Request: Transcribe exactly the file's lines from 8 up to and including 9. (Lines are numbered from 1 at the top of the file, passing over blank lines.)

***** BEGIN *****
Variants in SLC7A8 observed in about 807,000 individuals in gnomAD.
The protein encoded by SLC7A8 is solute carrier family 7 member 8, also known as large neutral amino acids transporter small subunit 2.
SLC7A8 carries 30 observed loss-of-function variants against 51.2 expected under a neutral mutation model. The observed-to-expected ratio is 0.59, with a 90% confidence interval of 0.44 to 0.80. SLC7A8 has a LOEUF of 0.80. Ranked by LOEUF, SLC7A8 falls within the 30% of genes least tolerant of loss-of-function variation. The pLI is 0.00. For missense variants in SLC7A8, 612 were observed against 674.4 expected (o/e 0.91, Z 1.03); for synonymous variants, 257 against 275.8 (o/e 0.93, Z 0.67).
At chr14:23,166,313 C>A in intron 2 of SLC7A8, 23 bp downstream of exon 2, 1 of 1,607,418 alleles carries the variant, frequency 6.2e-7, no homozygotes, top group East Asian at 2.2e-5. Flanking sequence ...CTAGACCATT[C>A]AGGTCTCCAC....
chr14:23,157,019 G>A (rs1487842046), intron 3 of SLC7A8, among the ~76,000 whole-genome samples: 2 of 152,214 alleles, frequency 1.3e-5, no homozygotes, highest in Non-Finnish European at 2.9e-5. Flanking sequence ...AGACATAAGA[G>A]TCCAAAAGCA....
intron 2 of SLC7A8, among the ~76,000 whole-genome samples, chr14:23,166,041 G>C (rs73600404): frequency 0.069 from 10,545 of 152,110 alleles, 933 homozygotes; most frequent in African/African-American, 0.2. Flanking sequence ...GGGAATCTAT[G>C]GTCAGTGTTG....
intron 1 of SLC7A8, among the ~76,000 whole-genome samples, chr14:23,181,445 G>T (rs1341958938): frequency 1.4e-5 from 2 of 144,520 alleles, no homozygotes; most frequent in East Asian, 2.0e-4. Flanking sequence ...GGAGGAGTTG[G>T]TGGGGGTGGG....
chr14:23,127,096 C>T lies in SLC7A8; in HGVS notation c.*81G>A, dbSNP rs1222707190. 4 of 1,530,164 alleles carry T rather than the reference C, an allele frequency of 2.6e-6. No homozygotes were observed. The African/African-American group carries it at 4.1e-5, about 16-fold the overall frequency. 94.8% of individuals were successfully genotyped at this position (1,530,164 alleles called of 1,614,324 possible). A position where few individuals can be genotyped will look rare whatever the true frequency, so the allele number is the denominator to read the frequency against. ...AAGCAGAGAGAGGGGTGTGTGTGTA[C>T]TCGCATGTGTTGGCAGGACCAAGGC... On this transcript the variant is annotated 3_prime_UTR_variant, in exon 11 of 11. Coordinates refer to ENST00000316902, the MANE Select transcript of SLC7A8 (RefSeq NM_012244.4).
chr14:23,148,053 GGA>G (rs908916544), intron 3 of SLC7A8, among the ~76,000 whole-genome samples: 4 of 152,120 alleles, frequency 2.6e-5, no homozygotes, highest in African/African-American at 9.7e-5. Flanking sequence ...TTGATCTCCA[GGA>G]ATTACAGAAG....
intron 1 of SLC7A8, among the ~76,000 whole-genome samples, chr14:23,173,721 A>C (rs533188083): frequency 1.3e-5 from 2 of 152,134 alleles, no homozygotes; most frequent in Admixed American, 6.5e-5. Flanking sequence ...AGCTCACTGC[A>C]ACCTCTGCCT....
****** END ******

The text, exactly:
chr14:23,127,096 C>T lies in SLC7A8; in HGVS notation c.*81G>A, dbSNP rs1222707190. 4 of 1,530,164 alleles carry T rather than the reference C, an allele frequency of 2.6e-6. No homozygotes were observed. The African/African-American group carries it at 4.1e-5, about 16-fold the overall frequency. 94.8% of individuals were successfully genotyped at this position (1,530,164 alleles called of 1,614,324 possible). A position where few individuals can be genotyped will look rare whatever the true frequency, so the allele number is the denominator to read the frequency against. ...AAGCAGAGAGAGGGGTGTGTGTGTA[C>T]TCGCATGTGTTGGCAGGACCAAGGC... On this transcript the variant is annotated 3_prime_UTR_variant, in exon 11 of 11. Coordinates refer to ENST00000316902, the MANE Select transcript of SLC7A8 (RefSeq NM_012244.4).
chr14:23,148,053 GGA>G (rs908916544), intron 3 of SLC7A8, among the ~76,000 whole-genome samples: 4 of 152,120 alleles, frequency 2.6e-5, no homozygotes, highest in African/African-American at 9.7e-5. Flanking sequence ...TTGATCTCCA[GGA>G]ATTACAGAAG....